- A maintenance plan with shared state and local responsibilities, and
- Transitioning the Parcel Program from VTrans to the Vermont Center for Geographic Information
Included recommendations are to encourage improvements and normalization within the State-required grand list, normalizing the tracking of inactive parcels and condominiums / unlanded buildings, improving how property transfer returns are recorded and submitted to the Tax Department by municipalities, improving the ease of public access to parcel data, adding feature-level metadata to parcel data, adding easements to parcel data, developing and maintaining an online Quality Control (QC) tool, and considering a statewide parcel fabric.
Some of these recommendations, such as the survey library combined with a requirement for it to be populated with recorded plats of line adjustments, could provide the basis for municipalities, their vendors, and or the state to maintain parcel linework updates. Standardized parcel data, being joined with SPAN numbers, allows the regular updating of ownership information when fed with weekly property transfer data that also includes SPAN information.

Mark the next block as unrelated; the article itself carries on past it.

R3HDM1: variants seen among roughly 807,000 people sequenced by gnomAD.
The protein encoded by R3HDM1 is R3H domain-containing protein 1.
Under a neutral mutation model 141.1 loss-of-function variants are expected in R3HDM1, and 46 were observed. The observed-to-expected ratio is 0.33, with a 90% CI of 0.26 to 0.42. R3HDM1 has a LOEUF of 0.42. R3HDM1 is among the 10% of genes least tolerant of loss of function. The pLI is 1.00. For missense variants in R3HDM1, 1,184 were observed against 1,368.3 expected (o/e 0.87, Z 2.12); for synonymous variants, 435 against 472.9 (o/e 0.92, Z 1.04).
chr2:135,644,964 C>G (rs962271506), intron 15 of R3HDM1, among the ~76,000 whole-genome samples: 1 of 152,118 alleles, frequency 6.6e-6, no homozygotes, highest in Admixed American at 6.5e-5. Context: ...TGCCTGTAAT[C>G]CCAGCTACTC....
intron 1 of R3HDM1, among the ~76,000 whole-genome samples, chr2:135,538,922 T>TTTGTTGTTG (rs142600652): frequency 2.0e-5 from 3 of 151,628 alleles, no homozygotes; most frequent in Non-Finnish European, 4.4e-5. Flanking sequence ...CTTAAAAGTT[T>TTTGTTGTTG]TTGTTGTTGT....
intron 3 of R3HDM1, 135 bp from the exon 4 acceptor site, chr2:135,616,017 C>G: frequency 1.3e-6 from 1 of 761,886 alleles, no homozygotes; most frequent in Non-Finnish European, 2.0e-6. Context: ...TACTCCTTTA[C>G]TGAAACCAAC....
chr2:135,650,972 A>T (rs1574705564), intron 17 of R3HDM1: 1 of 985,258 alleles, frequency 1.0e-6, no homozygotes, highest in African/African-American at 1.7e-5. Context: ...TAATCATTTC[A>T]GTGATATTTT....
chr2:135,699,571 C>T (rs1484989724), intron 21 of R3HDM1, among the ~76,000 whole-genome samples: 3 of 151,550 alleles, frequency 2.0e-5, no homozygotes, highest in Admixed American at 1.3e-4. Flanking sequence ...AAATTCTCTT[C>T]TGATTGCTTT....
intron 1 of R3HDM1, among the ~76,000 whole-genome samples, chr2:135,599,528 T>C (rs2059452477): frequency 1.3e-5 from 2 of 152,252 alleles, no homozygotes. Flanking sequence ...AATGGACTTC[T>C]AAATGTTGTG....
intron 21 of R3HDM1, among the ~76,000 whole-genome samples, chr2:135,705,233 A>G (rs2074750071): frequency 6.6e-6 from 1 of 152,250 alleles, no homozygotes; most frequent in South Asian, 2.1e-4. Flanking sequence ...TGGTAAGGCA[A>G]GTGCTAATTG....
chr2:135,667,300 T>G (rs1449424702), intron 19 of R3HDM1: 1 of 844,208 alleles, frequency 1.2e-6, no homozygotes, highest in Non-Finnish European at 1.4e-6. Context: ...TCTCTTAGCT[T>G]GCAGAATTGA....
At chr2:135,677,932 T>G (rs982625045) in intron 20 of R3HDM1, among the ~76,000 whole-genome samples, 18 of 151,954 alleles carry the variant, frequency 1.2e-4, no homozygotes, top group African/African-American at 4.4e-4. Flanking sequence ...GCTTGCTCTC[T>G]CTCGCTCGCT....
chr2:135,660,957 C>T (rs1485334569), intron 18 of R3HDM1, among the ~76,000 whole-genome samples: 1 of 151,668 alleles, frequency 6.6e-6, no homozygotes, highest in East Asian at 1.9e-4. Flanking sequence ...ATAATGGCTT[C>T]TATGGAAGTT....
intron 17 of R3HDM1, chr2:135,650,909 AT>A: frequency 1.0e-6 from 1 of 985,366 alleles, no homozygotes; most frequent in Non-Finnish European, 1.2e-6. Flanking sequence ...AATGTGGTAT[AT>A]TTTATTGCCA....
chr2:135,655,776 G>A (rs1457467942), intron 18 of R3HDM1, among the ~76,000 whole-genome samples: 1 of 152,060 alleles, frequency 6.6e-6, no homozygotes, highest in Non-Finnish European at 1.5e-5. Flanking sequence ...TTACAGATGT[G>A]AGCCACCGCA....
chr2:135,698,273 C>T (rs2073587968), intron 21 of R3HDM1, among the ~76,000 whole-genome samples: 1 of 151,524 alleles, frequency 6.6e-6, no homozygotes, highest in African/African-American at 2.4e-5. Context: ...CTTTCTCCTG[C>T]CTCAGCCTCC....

The combination of these improvements sketch a vast improvement in the quality, coverage, availability, current relevance, and usefulness of a statewide parcel dataset for Vermont.
For Mapping Professionals
What is the VT GIS parcel data standard?